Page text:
Like filing taxes, paying Social Security tax is a duty American expats need to adhere to, no matter where they live in the world. However, the good news is that the US has made specific agreements with many countries worldwide that help expats limit or eliminate the need to pay into both social security systems.

4. Most Expats Can Avoid Double Taxation on Social Security

A solution to eliminate double taxation towards Social Security for US citizens abroad has been made between the US and certain countries around the world through the Totalization Agreements. 

These agreements guarantee that the American worker pays Social Security taxes in only one country, as long as the worker and employer meet the requirements under the agreement. So even as a remote worker based abroad for a US employer, it is possible to opt-out of the US Social Security System. However, you will need to talk to your employer about how to stop withholding these taxes automatically.

However, let’s say you were transferred to work for the same employer, but in another country. The Totalization exemptions would only cover the country from which you would be working in. This is the “Detached Worker” rule – if you move from Spain (country on the Totalization list) to Serbia (not on the list), you won’t be able to utilize the tax exemption laws for your Social Security taxes.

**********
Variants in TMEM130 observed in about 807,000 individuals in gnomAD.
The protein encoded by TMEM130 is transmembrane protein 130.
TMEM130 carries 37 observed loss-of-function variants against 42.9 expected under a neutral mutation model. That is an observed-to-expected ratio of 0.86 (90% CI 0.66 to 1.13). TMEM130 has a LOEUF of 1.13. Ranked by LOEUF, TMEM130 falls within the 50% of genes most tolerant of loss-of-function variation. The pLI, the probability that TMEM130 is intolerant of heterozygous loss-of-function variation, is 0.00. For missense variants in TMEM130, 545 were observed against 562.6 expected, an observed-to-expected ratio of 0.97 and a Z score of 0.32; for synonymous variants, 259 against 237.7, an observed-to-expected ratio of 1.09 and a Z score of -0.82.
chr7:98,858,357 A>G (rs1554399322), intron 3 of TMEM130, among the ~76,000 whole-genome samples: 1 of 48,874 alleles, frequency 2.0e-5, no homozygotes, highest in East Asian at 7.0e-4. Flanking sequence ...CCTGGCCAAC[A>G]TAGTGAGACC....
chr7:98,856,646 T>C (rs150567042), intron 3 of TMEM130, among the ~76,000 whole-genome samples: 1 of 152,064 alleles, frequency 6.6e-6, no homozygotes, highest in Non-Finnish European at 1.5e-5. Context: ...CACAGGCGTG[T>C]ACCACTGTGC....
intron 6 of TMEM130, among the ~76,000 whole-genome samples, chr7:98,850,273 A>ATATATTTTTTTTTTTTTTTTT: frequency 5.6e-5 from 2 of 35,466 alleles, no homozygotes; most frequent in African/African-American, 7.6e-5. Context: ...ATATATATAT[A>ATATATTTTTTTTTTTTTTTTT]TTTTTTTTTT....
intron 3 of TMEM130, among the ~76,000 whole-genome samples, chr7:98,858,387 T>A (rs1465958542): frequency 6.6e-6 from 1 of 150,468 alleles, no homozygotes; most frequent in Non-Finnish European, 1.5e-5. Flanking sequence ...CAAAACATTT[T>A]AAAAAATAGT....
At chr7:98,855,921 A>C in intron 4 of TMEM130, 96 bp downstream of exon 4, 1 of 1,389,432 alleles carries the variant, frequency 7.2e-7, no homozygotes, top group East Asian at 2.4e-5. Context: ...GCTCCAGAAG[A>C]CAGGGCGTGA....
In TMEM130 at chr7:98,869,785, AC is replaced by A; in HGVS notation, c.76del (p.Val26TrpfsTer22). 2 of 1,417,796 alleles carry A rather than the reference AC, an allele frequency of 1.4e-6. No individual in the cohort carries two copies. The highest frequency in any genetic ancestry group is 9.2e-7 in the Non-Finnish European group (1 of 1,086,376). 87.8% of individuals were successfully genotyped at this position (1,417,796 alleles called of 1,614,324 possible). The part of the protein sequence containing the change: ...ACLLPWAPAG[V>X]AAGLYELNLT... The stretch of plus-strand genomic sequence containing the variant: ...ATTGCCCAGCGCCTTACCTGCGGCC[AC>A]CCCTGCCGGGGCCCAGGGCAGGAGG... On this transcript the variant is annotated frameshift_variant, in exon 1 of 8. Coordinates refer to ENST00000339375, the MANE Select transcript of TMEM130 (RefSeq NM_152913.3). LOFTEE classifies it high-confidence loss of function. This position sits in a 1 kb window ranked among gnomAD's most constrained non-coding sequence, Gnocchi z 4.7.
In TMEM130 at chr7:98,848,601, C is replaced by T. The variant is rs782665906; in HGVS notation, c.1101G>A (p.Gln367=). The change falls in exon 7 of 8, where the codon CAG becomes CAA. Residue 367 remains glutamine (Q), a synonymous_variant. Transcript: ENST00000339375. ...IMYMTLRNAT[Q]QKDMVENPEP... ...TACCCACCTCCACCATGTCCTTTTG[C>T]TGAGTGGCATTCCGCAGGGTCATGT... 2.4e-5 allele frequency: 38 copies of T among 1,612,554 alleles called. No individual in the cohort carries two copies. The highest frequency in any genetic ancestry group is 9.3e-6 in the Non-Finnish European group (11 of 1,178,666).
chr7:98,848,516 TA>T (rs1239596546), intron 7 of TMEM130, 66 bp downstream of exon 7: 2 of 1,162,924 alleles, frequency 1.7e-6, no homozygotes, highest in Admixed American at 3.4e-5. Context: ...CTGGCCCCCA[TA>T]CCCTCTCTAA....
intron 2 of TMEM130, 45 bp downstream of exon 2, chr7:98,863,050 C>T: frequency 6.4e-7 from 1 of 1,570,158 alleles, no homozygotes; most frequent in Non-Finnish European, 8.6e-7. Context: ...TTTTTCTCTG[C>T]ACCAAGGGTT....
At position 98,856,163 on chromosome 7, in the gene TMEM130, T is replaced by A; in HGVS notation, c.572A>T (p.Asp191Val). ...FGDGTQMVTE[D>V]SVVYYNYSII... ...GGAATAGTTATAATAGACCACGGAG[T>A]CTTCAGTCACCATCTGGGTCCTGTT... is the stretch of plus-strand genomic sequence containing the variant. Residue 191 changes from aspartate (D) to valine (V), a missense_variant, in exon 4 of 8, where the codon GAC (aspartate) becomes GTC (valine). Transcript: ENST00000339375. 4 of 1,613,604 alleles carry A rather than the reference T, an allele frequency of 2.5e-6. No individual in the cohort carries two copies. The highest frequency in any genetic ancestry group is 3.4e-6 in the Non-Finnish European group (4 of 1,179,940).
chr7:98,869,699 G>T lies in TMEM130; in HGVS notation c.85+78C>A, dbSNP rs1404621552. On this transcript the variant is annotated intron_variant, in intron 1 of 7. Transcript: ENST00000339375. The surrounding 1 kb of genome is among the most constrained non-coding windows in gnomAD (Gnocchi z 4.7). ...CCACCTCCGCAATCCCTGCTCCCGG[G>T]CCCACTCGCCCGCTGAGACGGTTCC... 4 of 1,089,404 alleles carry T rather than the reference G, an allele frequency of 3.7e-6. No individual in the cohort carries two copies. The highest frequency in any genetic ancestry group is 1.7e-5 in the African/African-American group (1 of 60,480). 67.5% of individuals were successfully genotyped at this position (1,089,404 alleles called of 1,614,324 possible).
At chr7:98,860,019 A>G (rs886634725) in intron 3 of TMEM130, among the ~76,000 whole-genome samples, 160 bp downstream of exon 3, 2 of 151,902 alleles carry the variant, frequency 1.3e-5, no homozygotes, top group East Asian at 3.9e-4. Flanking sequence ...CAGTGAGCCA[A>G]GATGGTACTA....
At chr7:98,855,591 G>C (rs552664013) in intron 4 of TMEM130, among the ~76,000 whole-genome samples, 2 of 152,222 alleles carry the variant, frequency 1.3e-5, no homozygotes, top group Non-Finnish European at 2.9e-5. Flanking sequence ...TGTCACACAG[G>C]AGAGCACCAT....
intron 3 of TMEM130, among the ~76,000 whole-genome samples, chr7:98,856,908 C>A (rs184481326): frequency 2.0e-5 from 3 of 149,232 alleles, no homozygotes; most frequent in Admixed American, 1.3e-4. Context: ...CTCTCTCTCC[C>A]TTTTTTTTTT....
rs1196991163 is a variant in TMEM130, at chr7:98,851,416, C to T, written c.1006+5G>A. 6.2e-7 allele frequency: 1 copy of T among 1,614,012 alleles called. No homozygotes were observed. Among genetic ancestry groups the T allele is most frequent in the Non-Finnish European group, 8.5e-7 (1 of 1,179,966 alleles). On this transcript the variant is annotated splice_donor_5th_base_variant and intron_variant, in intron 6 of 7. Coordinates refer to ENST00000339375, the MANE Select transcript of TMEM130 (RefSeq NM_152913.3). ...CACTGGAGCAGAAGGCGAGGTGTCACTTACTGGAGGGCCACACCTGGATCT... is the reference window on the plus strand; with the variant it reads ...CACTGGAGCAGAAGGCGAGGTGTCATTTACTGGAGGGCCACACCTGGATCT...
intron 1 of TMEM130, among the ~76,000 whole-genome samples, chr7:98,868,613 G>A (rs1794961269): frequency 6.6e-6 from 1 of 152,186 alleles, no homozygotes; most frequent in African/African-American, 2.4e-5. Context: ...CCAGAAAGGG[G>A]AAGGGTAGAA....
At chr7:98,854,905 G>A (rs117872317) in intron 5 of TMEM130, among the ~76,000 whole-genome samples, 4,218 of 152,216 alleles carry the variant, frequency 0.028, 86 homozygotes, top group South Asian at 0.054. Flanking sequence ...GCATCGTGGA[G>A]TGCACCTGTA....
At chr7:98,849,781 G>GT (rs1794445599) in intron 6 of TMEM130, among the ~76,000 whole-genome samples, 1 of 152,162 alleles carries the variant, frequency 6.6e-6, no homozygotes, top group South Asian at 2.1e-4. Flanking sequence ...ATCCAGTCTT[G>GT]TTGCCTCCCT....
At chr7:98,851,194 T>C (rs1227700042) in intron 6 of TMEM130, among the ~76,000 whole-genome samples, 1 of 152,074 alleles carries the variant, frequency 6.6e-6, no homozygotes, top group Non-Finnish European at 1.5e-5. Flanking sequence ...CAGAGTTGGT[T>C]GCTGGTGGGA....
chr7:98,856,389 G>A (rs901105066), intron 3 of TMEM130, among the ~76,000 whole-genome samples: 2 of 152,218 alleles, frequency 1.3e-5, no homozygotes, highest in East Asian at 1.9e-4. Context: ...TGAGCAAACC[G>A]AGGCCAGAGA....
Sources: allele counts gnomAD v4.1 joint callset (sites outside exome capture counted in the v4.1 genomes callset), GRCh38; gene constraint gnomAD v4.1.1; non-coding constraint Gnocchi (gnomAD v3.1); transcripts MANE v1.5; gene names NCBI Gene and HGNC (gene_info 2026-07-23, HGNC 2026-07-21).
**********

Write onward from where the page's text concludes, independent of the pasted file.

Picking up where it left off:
Here are some other rules that apply to Social Security taxes for expats:

If an American citizen or resident alien is sent to a foreign country for five years or less to work for the same American-based employer, they would generally remain covered by the US Social Security system.

If the same taxpayer were sent abroad for longer than five years, he or she would pay social security taxes to the foreign country.

If the taxpayer is employed by a foreign employer or was hired by an American-based employer while living overseas, he or she would pay social security taxes to the foreign country. (If the foreign employer is an affiliate of an American employer, the American employer can enter into an agreement under section 3121(l) to have United States social security coverage for the services of United States citizens and United States residents performing services for the foreign employer.)